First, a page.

Big Joe Shelton was born in the Black Prairie region of northeast Mississippi. Growing up in a small Mississippi town he was exposed to an African-American culture which still strongly reflected that of the early part of the twentieth century. He attended tent minstrel shows, bar-b-que picnics and heard street musicians performing authentic traditional blues. The Black Belt region is also the birthplace of blues legends Howlin’ Wolf, Bukka White and Big Joe Williams. As a young man he was fortunate in befriending Williams and this association greatly influenced his musical sensibilities.
As a child Big Joe sang in church and grammar school choirs. In his teens he began playing the harmonica and guitar. Songwriting soon followed and he found he had a wealth of experiences from which to draw. In the mid seventies he moved to Chicago and experienced the urban blues scene first hand. From Maxwell Street to the south side he sopped up the blues gravy served by the likes of Muddy Waters, Howlin’ Wolf, Buddy Guy and many others.
He is a member of the Mississippi Arts Commission “Artist Roster” (http://www.arts.state.ms.us/artist-roster/index.php) and “Folk Arts / Folk Life Directory” (http://www.arts.state.ms.us/special-projects/folklife.php) and was honored by being included on the “Columbus / Catfish Alley” Mississippi Blues Trail Marker (http://www.msbluestrail.org/commission.html)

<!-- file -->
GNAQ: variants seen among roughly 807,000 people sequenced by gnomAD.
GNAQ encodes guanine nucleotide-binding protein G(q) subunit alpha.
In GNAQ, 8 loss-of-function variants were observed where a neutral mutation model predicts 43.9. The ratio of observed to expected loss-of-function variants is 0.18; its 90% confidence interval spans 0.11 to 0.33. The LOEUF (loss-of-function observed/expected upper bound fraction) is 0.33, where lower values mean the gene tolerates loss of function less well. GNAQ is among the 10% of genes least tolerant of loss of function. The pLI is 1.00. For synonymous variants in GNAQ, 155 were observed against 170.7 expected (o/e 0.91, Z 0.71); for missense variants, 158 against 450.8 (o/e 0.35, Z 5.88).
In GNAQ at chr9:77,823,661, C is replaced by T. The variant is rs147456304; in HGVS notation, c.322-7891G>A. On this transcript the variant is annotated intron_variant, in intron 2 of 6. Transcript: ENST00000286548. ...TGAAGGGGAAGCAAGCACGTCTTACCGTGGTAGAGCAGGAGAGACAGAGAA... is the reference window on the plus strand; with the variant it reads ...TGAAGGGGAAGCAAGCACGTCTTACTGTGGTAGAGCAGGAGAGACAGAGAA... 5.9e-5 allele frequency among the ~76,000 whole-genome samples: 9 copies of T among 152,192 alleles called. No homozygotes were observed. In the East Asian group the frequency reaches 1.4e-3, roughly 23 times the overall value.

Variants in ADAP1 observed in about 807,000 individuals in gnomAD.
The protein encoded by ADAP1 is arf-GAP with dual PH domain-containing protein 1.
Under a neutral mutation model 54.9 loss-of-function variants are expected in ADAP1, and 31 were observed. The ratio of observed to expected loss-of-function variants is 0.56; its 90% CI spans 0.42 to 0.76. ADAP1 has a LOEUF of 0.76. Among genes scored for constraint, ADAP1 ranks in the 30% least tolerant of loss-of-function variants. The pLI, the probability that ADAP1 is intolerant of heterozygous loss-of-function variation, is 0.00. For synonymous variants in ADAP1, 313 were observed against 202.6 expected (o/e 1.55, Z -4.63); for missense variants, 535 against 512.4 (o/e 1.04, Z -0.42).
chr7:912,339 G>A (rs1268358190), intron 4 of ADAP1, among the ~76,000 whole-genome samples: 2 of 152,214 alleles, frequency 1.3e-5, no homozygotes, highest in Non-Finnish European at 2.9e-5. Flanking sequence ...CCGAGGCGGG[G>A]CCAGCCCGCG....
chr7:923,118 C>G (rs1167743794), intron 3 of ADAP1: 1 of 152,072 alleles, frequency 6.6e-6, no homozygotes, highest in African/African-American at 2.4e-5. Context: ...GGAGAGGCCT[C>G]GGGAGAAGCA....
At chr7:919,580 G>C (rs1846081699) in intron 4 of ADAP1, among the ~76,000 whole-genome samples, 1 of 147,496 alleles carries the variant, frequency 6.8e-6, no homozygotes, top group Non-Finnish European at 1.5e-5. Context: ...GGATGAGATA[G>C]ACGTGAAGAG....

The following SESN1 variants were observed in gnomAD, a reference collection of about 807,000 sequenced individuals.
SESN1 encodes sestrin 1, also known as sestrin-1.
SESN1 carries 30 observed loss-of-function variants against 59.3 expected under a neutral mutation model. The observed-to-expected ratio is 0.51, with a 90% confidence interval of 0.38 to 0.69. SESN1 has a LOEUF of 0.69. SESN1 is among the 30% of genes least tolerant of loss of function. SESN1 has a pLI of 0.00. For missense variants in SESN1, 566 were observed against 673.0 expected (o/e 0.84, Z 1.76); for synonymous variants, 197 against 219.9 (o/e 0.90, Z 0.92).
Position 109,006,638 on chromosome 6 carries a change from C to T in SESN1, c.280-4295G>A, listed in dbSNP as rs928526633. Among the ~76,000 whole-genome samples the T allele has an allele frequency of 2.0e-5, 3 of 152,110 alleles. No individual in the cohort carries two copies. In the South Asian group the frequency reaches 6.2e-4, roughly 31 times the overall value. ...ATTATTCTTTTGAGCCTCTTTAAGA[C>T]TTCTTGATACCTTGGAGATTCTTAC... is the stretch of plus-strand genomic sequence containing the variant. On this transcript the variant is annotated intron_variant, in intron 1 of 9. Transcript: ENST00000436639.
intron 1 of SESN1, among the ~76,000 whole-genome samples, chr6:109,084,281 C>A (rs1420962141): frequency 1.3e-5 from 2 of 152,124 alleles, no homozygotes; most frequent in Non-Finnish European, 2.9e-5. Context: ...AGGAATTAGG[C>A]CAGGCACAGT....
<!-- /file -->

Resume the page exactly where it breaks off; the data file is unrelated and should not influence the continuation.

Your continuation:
Big Joe has performed at numerous festivals and clubs throughout the southeastern United States including: King Biscuit Blues Festival, Howlin’ Wolf Memorial Blues Festival, Freedom Creek Blues Festival, Ground Zero Blues Club, and the Beal Street Mess Around. He has also toured England, France, Belgium, Bulgaria and the Netherlands.
He has played with blues legends Big Joe Williams, Furry Lewis, Son Thomas, Junior Kimbrough, Fenton Robinson, Living Blues 2003 “Artist Of The Year” Willie King, BMA Award nominees Blind Mississippi Morris, R. L. Burnside and Johnny Rawls as well as Daniel “Slick” Ballinger, the 2007 BMA” Best New Artist” honoree.
Among his many contributions toward perpetuation of the blues is his involvement with the Jazz Foundation of America and the Howlin’ Wolf Blues Societies “blues in the school” educational programs as well as performing in area personal care homes for the elderly.